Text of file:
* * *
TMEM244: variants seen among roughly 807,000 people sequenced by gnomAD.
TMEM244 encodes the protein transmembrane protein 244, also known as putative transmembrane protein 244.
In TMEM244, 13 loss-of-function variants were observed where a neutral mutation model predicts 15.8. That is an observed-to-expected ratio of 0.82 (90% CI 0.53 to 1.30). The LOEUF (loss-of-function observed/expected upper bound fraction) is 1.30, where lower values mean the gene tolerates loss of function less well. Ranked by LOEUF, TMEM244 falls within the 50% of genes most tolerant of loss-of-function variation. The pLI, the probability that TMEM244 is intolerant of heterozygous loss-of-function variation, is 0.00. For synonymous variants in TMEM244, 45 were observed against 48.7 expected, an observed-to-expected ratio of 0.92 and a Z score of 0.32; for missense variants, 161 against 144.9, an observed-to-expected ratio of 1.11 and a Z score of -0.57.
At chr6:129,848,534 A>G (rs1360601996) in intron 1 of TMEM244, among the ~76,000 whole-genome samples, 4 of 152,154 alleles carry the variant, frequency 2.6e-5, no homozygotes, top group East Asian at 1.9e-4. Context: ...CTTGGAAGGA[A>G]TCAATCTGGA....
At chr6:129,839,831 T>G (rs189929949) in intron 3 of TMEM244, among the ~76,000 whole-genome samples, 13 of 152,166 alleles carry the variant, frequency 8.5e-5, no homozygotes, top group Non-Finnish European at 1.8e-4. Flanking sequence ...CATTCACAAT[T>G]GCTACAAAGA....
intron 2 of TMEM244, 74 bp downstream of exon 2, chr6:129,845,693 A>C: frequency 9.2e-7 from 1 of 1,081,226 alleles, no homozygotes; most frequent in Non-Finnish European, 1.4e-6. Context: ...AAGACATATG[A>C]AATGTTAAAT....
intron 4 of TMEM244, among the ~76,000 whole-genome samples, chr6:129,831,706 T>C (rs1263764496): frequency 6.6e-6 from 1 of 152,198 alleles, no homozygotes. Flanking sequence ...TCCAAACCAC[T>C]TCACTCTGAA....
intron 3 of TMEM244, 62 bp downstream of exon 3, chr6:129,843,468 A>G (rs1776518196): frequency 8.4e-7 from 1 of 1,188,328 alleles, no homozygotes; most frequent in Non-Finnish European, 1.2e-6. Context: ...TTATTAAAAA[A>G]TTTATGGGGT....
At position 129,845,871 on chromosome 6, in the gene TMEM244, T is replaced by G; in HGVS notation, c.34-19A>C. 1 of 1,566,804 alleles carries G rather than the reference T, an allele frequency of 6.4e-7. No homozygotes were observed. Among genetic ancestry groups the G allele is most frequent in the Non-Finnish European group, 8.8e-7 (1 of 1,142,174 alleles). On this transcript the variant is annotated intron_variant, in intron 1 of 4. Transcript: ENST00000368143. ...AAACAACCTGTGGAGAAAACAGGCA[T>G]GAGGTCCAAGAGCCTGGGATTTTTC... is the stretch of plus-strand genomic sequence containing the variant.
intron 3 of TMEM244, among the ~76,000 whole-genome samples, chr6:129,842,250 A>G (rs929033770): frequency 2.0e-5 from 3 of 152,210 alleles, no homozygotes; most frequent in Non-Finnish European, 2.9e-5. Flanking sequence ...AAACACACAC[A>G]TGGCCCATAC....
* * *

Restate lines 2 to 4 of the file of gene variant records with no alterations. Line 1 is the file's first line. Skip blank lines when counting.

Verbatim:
TMEM244 encodes the protein transmembrane protein 244, also known as putative transmembrane protein 244.
In TMEM244, 13 loss-of-function variants were observed where a neutral mutation model predicts 15.8. That is an observed-to-expected ratio of 0.82 (90% CI 0.53 to 1.30). The LOEUF (loss-of-function observed/expected upper bound fraction) is 1.30, where lower values mean the gene tolerates loss of function less well. Ranked by LOEUF, TMEM244 falls within the 50% of genes most tolerant of loss-of-function variation. The pLI, the probability that TMEM244 is intolerant of heterozygous loss-of-function variation, is 0.00. For synonymous variants in TMEM244, 45 were observed against 48.7 expected, an observed-to-expected ratio of 0.92 and a Z score of 0.32; for missense variants, 161 against 144.9, an observed-to-expected ratio of 1.11 and a Z score of -0.57.
At chr6:129,848,534 A>G (rs1360601996) in intron 1 of TMEM244, among the ~76,000 whole-genome samples, 4 of 152,154 alleles carry the variant, frequency 2.6e-5, no homozygotes, top group East Asian at 1.9e-4. Context: ...CTTGGAAGGA[A>G]TCAATCTGGA....